If it were possible for the sun to shake hands with the sand, or the sea to nod at a seaman right before the catch, who or whom would notice the exchange? Must the trivial, or might the impossible mark themselves on our senses, even if insensible, even if reprehensible and crude? This is why I must wade, or I may wade, my way out to sea, just so I can catch a glimpse of a handshake between the horizons—natural and unnatural. And why I paced out the evening curriculum of lines in the sand, and filled my beer bottles with piss, waiting for knowledge until the sun fell down. “Knowledge is necessary, and knowledge is a must,” I can’t think who said that, or if it was the choir singing or chanting in our stead—I forget. I forgot to ask my professor about it, she knows and he knows, why the sun completes its cycle, and the moon rips up another tide; and why, “The impossible is never primary or secondary.” It ought to be sensible to taste the untestable, to hide our rights from our wrongs, our faith from our doubts. I swear I’ve known this from your eyes, those two orbs that scream of fateful sovereignty or impossible truth —I see more than just kindness and determination. “Impossible,” you say, “those eyes that split atomic souls (to reformate the improbable) are just metaphors, a mere device to explain the explosion of love.” It must have been a metaphor I saw buried there, it must have been impossible, but I swear by modality an exchange took place impossible to describe.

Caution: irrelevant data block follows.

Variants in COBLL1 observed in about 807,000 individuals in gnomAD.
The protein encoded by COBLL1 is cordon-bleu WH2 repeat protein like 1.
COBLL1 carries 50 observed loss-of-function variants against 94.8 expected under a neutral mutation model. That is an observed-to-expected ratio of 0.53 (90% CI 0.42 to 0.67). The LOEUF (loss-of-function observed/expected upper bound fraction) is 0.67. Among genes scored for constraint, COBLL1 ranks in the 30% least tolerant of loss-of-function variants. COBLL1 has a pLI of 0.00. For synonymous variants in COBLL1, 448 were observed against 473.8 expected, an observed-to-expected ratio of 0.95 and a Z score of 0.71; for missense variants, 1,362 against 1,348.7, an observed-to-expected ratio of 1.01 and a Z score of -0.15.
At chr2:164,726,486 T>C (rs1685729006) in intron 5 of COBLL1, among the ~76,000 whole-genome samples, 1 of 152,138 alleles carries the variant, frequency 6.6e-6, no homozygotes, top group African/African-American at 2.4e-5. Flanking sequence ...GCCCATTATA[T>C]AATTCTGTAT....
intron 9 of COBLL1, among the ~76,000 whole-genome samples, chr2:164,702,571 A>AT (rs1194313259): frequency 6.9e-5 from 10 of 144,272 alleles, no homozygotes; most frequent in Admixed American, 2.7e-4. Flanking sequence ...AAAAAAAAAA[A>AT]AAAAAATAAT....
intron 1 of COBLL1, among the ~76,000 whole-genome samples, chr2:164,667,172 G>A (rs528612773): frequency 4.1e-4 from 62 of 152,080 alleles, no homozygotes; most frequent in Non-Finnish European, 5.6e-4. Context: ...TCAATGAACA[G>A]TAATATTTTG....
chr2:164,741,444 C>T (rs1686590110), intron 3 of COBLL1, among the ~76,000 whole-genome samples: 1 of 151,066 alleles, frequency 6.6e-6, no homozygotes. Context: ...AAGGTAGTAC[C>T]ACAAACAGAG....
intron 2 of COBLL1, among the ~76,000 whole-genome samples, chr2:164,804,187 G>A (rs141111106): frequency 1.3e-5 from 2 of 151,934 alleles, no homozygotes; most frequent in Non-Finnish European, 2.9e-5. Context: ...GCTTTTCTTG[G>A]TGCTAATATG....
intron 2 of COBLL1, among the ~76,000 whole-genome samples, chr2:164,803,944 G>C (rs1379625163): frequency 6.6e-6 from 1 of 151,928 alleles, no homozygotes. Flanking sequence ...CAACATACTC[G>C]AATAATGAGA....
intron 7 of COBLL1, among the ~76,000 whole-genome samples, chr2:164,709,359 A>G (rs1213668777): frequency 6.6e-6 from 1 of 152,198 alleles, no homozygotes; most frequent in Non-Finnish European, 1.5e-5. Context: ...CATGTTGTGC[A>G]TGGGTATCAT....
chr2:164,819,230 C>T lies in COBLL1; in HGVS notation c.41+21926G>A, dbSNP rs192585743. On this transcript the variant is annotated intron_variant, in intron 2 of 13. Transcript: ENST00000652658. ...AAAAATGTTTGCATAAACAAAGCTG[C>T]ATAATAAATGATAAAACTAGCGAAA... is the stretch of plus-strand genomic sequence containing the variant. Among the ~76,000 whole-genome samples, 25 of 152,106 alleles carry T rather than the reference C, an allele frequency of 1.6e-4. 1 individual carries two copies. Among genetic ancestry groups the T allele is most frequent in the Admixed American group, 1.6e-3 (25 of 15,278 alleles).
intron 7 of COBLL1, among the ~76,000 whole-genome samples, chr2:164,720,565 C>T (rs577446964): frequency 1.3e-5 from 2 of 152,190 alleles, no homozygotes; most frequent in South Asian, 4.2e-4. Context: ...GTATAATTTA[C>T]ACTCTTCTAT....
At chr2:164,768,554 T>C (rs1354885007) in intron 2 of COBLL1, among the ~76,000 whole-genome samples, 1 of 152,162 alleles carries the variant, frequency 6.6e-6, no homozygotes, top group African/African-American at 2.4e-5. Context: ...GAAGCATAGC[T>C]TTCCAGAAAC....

Modal Logic, Modals qualify a statement, they are words that express modalities. That is, the mode in which something exists or is experienced or expressed.
1) Epistemic Modality – concerned with certainty and knowledge (might, may, possible)
2) Deontic Modality – concerned with obligation and permission (must, ought, necessary)
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